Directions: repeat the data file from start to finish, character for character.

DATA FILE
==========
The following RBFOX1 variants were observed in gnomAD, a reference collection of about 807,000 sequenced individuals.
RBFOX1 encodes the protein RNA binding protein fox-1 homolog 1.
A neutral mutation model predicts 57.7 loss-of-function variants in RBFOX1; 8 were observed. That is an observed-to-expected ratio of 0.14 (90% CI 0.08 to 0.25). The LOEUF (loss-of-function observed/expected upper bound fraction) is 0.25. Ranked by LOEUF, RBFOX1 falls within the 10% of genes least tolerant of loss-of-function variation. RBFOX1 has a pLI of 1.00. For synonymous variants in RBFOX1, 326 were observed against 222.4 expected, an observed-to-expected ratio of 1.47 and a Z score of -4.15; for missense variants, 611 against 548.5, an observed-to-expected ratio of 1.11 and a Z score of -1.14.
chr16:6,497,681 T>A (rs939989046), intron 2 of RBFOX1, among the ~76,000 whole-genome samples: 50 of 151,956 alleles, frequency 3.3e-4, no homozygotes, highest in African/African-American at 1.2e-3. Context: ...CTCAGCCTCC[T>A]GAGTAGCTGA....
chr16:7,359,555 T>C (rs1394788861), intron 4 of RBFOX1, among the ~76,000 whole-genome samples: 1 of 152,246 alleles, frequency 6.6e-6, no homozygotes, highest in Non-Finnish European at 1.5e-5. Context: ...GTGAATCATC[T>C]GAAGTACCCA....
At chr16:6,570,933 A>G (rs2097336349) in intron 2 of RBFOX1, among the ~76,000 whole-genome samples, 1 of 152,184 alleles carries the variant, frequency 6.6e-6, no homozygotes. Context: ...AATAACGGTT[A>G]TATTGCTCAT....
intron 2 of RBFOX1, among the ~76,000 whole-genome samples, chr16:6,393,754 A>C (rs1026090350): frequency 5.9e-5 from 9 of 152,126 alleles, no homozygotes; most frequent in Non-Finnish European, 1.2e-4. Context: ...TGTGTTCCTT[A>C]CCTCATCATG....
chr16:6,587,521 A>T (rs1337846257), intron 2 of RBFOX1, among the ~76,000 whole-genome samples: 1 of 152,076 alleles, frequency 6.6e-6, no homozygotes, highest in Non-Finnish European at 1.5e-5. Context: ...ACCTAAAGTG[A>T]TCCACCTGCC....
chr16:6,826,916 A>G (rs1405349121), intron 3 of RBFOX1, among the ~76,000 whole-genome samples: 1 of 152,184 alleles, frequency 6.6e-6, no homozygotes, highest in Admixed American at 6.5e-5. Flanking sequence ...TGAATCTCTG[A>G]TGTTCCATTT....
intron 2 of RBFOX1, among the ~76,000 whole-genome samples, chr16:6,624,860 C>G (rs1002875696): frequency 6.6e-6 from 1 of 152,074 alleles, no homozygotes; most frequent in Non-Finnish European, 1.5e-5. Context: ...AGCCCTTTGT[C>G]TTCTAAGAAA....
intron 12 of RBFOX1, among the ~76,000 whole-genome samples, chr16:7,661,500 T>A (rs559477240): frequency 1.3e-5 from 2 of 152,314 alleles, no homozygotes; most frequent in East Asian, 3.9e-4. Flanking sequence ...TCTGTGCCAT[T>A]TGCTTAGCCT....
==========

The following RBFOX1 variants were observed in gnomAD, a reference collection of about 807,000 sequenced individuals.
RBFOX1 encodes the protein RNA binding protein fox-1 homolog 1.
A neutral mutation model predicts 57.7 loss-of-function variants in RBFOX1; 8 were observed. That is an observed-to-expected ratio of 0.14 (90% CI 0.08 to 0.25). The LOEUF (loss-of-function observed/expected upper bound fraction) is 0.25. Ranked by LOEUF, RBFOX1 falls within the 10% of genes least tolerant of loss-of-function variation. RBFOX1 has a pLI of 1.00. For synonymous variants in RBFOX1, 326 were observed against 222.4 expected, an observed-to-expected ratio of 1.47 and a Z score of -4.15; for missense variants, 611 against 548.5, an observed-to-expected ratio of 1.11 and a Z score of -1.14.
chr16:6,497,681 T>A (rs939989046), intron 2 of RBFOX1, among the ~76,000 whole-genome samples: 50 of 151,956 alleles, frequency 3.3e-4, no homozygotes, highest in African/African-American at 1.2e-3. Context: ...CTCAGCCTCC[T>A]GAGTAGCTGA....
chr16:7,359,555 T>C (rs1394788861), intron 4 of RBFOX1, among the ~76,000 whole-genome samples: 1 of 152,246 alleles, frequency 6.6e-6, no homozygotes, highest in Non-Finnish European at 1.5e-5. Context: ...GTGAATCATC[T>C]GAAGTACCCA....
At chr16:6,570,933 A>G (rs2097336349) in intron 2 of RBFOX1, among the ~76,000 whole-genome samples, 1 of 152,184 alleles carries the variant, frequency 6.6e-6, no homozygotes. Context: ...AATAACGGTT[A>G]TATTGCTCAT....
intron 2 of RBFOX1, among the ~76,000 whole-genome samples, chr16:6,393,754 A>C (rs1026090350): frequency 5.9e-5 from 9 of 152,126 alleles, no homozygotes; most frequent in Non-Finnish European, 1.2e-4. Context: ...TGTGTTCCTT[A>C]CCTCATCATG....
chr16:6,587,521 A>T (rs1337846257), intron 2 of RBFOX1, among the ~76,000 whole-genome samples: 1 of 152,076 alleles, frequency 6.6e-6, no homozygotes, highest in Non-Finnish European at 1.5e-5. Context: ...ACCTAAAGTG[A>T]TCCACCTGCC....
chr16:6,826,916 A>G (rs1405349121), intron 3 of RBFOX1, among the ~76,000 whole-genome samples: 1 of 152,184 alleles, frequency 6.6e-6, no homozygotes, highest in Admixed American at 6.5e-5. Flanking sequence ...TGAATCTCTG[A>G]TGTTCCATTT....
intron 2 of RBFOX1, among the ~76,000 whole-genome samples, chr16:6,624,860 C>G (rs1002875696): frequency 6.6e-6 from 1 of 152,074 alleles, no homozygotes; most frequent in Non-Finnish European, 1.5e-5. Context: ...AGCCCTTTGT[C>G]TTCTAAGAAA....
intron 12 of RBFOX1, among the ~76,000 whole-genome samples, chr16:7,661,500 T>A (rs559477240): frequency 1.3e-5 from 2 of 152,314 alleles, no homozygotes; most frequent in East Asian, 3.9e-4. Flanking sequence ...TCTGTGCCAT[T>A]TGCTTAGCCT....